I just finished facilitating a UX/visualisation workshop to EUPORIAS with Jason Dykes and Stephann Makri. Jason's talk made me realise how important visualisation is; bringing new meaning to data and enhancing our understanding of what that data means.
Visualisation has a large role to play in scientific interface design. It has the potential to unleash the vast amounts of knowledge available especially in bioinformatics. There seems to be a significant overlap between visualisers and UXers in the methods used but very little cross-pollination between the disciplines.
A while ago, Moritz Stefaner brought to my attention this paper; "What does the user want to see? What do the Data want to be?". Pretorius et al. argue that in some domains users do not have a clear cut idea about the questions they have in mind or what they want to see in visualisation. The visualisation in this example is evolved over many iterations using techniques of both visualisation design (focussing and completely understand the data) and user experience (comprehensive research about the users). I think it is a good illustration of how using techniques from both communities can be very complementary.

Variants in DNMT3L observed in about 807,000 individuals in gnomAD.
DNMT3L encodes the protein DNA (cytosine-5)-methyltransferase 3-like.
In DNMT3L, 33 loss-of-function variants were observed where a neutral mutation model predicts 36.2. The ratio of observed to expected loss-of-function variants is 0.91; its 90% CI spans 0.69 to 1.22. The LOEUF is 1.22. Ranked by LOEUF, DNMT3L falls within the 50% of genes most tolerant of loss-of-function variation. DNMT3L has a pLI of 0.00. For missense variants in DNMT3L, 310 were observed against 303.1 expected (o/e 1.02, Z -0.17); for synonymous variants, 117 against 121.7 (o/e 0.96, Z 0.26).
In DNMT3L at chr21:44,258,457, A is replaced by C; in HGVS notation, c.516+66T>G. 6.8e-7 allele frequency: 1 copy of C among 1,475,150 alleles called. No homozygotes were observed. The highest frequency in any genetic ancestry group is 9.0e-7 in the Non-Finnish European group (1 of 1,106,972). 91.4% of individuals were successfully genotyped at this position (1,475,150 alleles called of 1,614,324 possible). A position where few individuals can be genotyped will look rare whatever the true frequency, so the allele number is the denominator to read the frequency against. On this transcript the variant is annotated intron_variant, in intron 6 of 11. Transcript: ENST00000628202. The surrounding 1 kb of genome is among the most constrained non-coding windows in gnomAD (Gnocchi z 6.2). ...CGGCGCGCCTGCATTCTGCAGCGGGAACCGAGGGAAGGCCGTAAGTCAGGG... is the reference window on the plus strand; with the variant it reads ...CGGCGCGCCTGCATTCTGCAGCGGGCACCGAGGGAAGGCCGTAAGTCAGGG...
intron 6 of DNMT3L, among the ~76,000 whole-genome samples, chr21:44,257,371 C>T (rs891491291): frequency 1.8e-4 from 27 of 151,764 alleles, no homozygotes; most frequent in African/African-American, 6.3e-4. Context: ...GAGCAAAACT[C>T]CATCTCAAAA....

"Summary of five million bicycle journeys made in 2010/11 in central London as part of the Barclays Cycle Hire scheme. Origins and destinations of each journey recorded and animated along a curved trajectory. This animation shows the effect of changing the length of the 'trail' left by each journey (starts to increase from 15 seconds into the animation). By changing the prominence given to more common journeys (from 45 seconds onwards), structure emerges from the apparent chaos of journeys. Three major systems become apparent (from 1 minute onwards) - Hyde park to the west, commuting to/from King's Cross St Pancras to the north and Waterloo to/from the City to the east."